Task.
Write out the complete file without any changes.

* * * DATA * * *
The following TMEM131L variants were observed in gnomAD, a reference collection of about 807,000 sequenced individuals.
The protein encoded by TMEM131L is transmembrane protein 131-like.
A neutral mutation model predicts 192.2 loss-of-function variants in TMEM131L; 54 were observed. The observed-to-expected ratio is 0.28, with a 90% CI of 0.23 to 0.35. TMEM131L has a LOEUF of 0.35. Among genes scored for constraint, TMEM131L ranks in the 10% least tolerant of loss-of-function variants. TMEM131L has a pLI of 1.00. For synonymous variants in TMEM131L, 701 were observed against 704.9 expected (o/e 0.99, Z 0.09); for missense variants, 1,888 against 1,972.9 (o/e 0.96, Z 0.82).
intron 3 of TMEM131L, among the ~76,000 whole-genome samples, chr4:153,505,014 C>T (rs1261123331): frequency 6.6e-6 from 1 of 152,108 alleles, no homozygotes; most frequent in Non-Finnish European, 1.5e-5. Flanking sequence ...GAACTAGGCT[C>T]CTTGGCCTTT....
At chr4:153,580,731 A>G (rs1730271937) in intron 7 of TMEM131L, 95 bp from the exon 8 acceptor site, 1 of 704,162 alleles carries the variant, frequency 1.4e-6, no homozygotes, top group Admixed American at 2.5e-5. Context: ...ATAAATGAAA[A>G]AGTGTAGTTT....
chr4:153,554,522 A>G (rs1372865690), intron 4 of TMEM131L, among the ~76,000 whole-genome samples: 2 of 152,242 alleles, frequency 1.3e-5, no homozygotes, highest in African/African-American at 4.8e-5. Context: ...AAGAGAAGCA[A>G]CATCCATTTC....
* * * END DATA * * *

The following TMEM131L variants were observed in gnomAD, a reference collection of about 807,000 sequenced individuals.
The protein encoded by TMEM131L is transmembrane protein 131-like.
A neutral mutation model predicts 192.2 loss-of-function variants in TMEM131L; 54 were observed. The observed-to-expected ratio is 0.28, with a 90% CI of 0.23 to 0.35. TMEM131L has a LOEUF of 0.35. Among genes scored for constraint, TMEM131L ranks in the 10% least tolerant of loss-of-function variants. TMEM131L has a pLI of 1.00. For synonymous variants in TMEM131L, 701 were observed against 704.9 expected (o/e 0.99, Z 0.09); for missense variants, 1,888 against 1,972.9 (o/e 0.96, Z 0.82).
intron 3 of TMEM131L, among the ~76,000 whole-genome samples, chr4:153,505,014 C>T (rs1261123331): frequency 6.6e-6 from 1 of 152,108 alleles, no homozygotes; most frequent in Non-Finnish European, 1.5e-5. Flanking sequence ...GAACTAGGCT[C>T]CTTGGCCTTT....
At chr4:153,580,731 A>G (rs1730271937) in intron 7 of TMEM131L, 95 bp from the exon 8 acceptor site, 1 of 704,162 alleles carries the variant, frequency 1.4e-6, no homozygotes, top group Admixed American at 2.5e-5. Context: ...ATAAATGAAA[A>G]AGTGTAGTTT....
chr4:153,554,522 A>G (rs1372865690), intron 4 of TMEM131L, among the ~76,000 whole-genome samples: 2 of 152,242 alleles, frequency 1.3e-5, no homozygotes, highest in African/African-American at 4.8e-5. Context: ...AAGAGAAGCA[A>G]CATCCATTTC....